Alana Joli Abbott (alanajoli) wrote,
Alana Joli Abbott

Hope, Awe, and Wonder

Rather than launching into industry news after a month of minding my own business (and neglecting to post here), I thought I'd write a little bit about some thoughts I've been having this holiday season in relation to my own personal mythology (i.e. religion).

Not long ago I had a conversation with a friend about the futility of the universe -- the idea that, eventually, it's likely to all draw back in on itself, thus erasing everything that has gone on before and reducing humanity to a footnote of the universe (if anything in the universe is taking notes). I don't remember it that's the current popular theory for the end of the universe -- there's another one that we'll expand indefinitely, as I recall, but I've long since stopped worrying about the end of everything, as I won't be around to see it. What the conversation ended up coming around to was whether or not anything humanity did mattered, in the grand scheme of things, and whether there was any hope. I said, "I know this sounds like a cop out, but I think it's just in my nature to hope."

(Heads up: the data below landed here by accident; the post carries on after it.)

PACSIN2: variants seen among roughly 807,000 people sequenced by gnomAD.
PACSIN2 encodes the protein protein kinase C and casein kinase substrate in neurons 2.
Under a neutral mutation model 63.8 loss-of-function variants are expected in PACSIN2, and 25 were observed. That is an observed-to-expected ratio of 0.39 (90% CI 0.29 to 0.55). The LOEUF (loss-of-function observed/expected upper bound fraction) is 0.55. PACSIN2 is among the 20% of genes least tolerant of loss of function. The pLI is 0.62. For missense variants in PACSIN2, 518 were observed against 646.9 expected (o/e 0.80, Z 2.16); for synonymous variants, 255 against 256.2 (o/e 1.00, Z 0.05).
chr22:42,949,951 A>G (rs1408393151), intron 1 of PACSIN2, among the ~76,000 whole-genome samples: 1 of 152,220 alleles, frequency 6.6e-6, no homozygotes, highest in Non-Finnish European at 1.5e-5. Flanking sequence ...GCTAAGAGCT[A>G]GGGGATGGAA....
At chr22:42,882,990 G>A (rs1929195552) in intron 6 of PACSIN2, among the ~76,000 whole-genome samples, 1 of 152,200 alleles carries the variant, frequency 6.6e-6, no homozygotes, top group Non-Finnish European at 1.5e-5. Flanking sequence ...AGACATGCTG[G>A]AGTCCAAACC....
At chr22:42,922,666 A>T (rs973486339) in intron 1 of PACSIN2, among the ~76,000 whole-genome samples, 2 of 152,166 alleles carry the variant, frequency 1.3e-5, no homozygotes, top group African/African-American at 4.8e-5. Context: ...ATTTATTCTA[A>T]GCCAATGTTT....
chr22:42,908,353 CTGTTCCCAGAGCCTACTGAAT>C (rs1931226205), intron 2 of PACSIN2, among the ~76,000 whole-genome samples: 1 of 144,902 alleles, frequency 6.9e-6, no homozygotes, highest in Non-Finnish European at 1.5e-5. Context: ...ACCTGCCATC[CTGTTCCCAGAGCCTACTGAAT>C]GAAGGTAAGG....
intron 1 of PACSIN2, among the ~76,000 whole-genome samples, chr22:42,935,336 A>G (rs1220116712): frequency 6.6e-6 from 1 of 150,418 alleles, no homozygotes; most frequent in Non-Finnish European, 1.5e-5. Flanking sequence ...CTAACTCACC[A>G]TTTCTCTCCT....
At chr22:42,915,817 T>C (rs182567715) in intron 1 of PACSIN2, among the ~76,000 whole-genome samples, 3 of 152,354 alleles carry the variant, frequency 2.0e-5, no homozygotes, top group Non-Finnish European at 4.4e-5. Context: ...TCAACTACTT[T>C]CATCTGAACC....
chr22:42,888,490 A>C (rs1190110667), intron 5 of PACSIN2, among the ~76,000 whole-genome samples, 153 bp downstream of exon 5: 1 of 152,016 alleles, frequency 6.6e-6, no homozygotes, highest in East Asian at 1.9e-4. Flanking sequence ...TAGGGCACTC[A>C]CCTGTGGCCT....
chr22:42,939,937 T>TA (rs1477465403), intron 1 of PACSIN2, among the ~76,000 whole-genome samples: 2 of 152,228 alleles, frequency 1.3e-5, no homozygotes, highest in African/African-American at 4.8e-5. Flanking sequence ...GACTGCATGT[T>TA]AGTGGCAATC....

There is power in hope -- something supported by science as well as by common/folk wisdom. My sister recently visited the Anne Frank House in Amsterdam, and a friend of Frank's said at one point that Frank thought all her family members were dead. The friend believed that if Frank had known her father was alive, she would have survived -- but she'd lost all hope. If she'd known that the concentration camp where she was located would be liberated in two days, might she have made it? I suspect so, because I think hope gives people a reason to hold on, even when they don't precisely know what they're hoping for.

I was a reader for our Christmas Eve church service out here, and one of the passages I read was from Luke 2 -- the story of the shepherds. I've sung it before from Handel's Messiah, and I had to focus on the translation I'd been instructed to read in order to avoid the "sore afraid"s and the "And lo!"s. Reading it aloud this year made me think about how a lot of my world-view ends up being rather like the way the shepherds react after they leave the manger scene: they are full of awe, wonder, and hope.

At the end of all things, will any of what we've experienced here have mattered? Will it have had any meaning bigger than just the components? I can't guarantee it, but I believe that, in some grand scheme of things, our experiences matter and our stories matter. And I can't help thinking that it's much nicer to be filled with hope that to not have any at all.
Tags: mythology, personal

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